Achievement unlocked

Video games excel in setting challenging goals and providing clear objectives for players to achieve. The sense of accomplishment and progression inherent in games motivates players to overcome obstacles and master new skills.

Educators can adopt similar strategies to set challenging yet achievable goals for students, fostering a sense of accomplishment and motivation in their learning journey.

Emphasising effort, progress, and continuous improvement fosters a sense of agency and ownership in learning.

Advocates of game-based design have recognised that games prove students are quite capable of memorising and recalling immense volumes of knowledge, when it is constructed by them and founded in experience.

Pokémon players famously memorise more than 27,000 values in three dimensions when battling hundreds of character iterations. By contrast, the entire periodic table has 118 elements and there are approximately 200 irregular verb forms in English.

While students may want to hide their effort and achievements, gamers proudly share their status, achievements and even how long it has taken. In Mortal Kombat, one achievement requires winning 2,800 matches, playing more than 670 hours. To obtain the Pure Poker achievement in Pure Hold’em takes about 10,000 hours.

One has to respect the time and effort gamers dedicate to their craft. Gamers are willing to dedicate and invest time into seemingly repetitive and mundane levels or challenges, showing a persistence and resilience that we would envy in education. Some gamers even modify their games or set challenges to make them even more difficult  than the developers intended, such as speedruns or completing games using only one button!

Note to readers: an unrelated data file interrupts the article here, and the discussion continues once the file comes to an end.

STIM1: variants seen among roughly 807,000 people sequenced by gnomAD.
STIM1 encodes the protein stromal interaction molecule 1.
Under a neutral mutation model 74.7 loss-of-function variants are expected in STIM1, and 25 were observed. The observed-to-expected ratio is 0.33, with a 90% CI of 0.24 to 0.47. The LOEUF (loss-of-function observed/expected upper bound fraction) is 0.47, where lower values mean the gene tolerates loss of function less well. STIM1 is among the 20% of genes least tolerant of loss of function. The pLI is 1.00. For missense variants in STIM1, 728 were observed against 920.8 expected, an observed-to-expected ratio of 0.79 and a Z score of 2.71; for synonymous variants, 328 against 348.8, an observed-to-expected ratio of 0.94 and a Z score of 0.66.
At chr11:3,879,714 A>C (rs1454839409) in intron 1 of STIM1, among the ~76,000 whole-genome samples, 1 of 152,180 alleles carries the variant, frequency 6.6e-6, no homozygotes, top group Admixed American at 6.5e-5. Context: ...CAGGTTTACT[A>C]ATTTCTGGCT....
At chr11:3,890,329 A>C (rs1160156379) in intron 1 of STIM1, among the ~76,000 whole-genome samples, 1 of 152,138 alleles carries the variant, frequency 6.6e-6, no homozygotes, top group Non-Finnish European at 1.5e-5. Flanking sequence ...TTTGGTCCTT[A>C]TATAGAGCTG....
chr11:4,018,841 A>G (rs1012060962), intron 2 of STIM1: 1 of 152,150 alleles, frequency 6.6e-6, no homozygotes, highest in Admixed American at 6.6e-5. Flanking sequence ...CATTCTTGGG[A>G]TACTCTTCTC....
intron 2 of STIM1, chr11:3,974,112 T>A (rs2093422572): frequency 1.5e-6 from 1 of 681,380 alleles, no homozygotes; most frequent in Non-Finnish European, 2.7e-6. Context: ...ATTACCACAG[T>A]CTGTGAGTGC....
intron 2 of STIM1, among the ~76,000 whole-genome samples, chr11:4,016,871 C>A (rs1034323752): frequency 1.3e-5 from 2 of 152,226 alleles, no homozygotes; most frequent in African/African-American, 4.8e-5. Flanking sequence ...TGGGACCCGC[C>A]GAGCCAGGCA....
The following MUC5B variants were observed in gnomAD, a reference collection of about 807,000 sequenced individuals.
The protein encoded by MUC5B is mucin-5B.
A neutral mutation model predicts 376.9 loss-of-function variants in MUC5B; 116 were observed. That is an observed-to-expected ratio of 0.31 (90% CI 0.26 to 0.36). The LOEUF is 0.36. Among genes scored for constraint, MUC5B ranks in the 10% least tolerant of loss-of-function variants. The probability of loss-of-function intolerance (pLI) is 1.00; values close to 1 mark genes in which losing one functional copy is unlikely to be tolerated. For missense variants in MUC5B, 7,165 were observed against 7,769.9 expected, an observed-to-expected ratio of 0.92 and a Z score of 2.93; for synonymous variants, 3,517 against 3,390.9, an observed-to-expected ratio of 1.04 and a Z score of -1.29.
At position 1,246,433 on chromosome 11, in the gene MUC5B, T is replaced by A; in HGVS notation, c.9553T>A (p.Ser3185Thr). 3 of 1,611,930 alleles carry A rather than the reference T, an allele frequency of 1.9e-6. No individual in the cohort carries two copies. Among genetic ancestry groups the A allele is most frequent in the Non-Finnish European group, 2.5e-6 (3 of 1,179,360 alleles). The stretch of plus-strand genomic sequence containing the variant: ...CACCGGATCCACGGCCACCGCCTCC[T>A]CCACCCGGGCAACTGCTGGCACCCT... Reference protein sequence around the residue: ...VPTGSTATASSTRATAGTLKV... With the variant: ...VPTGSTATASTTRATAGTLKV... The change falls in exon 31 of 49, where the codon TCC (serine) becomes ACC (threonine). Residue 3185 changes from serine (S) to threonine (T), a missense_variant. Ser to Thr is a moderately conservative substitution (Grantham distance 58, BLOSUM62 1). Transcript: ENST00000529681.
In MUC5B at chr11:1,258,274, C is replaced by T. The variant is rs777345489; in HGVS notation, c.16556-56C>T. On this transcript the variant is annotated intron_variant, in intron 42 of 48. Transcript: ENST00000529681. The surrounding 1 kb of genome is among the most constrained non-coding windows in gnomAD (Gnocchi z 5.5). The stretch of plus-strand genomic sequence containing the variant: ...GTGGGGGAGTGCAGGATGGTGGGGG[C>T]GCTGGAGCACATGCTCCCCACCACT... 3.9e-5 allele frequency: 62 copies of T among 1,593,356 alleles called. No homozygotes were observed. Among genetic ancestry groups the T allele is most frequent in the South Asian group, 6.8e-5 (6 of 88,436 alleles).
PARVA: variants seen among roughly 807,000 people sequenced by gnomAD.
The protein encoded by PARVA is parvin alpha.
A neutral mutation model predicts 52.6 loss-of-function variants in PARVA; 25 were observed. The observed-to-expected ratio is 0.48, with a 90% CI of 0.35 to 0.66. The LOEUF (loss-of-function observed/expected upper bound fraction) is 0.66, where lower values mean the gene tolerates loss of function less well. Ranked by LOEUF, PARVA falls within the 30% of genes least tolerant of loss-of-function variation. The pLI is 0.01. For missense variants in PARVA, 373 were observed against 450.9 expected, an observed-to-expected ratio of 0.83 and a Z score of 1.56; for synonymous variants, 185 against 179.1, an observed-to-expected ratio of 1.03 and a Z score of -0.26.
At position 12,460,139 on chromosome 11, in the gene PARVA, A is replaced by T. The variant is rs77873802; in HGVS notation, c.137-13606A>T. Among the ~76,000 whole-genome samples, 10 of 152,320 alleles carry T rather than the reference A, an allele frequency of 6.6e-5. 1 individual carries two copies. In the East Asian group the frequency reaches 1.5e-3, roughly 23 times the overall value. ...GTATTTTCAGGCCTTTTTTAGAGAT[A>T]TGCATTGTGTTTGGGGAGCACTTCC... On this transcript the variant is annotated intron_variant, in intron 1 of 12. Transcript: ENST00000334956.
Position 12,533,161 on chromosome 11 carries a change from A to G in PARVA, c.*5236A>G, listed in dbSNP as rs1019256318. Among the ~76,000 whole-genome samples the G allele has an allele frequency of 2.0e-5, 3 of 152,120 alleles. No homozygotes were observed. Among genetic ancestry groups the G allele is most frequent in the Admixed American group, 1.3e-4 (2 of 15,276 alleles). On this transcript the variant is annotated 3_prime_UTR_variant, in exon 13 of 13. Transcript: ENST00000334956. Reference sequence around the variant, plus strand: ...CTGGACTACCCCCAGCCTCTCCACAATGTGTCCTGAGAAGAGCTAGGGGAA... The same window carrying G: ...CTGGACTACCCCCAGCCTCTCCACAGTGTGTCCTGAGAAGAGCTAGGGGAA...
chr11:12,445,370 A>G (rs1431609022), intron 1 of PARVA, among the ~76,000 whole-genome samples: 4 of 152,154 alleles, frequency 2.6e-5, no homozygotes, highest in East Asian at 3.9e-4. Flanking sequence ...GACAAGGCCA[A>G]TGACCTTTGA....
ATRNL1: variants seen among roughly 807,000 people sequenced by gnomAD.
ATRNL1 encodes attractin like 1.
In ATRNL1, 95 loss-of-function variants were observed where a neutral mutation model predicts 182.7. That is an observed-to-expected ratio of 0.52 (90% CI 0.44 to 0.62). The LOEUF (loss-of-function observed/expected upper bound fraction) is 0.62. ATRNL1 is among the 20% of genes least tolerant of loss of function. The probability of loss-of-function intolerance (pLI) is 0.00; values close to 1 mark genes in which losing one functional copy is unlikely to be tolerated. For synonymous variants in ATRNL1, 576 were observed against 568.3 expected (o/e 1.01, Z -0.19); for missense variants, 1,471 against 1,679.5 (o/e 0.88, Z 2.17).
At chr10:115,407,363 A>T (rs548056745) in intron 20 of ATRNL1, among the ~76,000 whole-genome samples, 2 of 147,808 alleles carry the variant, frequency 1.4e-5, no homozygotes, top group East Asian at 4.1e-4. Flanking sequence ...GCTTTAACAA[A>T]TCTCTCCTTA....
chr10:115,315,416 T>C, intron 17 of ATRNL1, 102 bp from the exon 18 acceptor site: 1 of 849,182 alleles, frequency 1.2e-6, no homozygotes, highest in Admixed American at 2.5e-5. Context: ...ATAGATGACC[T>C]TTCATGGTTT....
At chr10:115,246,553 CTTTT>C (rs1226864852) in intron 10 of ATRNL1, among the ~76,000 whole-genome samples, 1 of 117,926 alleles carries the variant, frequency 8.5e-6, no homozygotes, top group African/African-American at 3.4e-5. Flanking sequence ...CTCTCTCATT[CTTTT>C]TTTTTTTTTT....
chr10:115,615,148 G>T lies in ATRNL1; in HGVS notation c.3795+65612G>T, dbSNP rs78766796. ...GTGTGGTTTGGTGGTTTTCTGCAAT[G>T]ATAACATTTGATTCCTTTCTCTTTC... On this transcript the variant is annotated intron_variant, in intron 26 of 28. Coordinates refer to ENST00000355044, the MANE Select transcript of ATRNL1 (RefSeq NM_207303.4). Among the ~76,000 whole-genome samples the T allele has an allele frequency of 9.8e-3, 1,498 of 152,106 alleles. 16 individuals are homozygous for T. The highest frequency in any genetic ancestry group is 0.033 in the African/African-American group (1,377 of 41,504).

Games are ‘eustressful’, a beneficial form of stress somewhere between fun and scary, that is motivational.

How can education manage this balance? Measuring progress rather than purely achievement could be key.

“Save progress?”

Games offer tangible feedback on players’ progress through various metrics such as scores, levels, and achievements. Similarly, educators can implement assessment methods that provide meaningful feedback and recognize students’ growth and achievements. Emphasising progress  over final scores encourages continuous improvement and resilience in learning. ATAR, take note! 

The Legend of Zelda was one of the very first games to offer saving. In education, resubmitting a task for a better grade and measuring improvement rather than pure achievement is an example of offering the equivalent of save points for assessments. Could a student’s response to teacher feedback be considered as well as the achievement itself?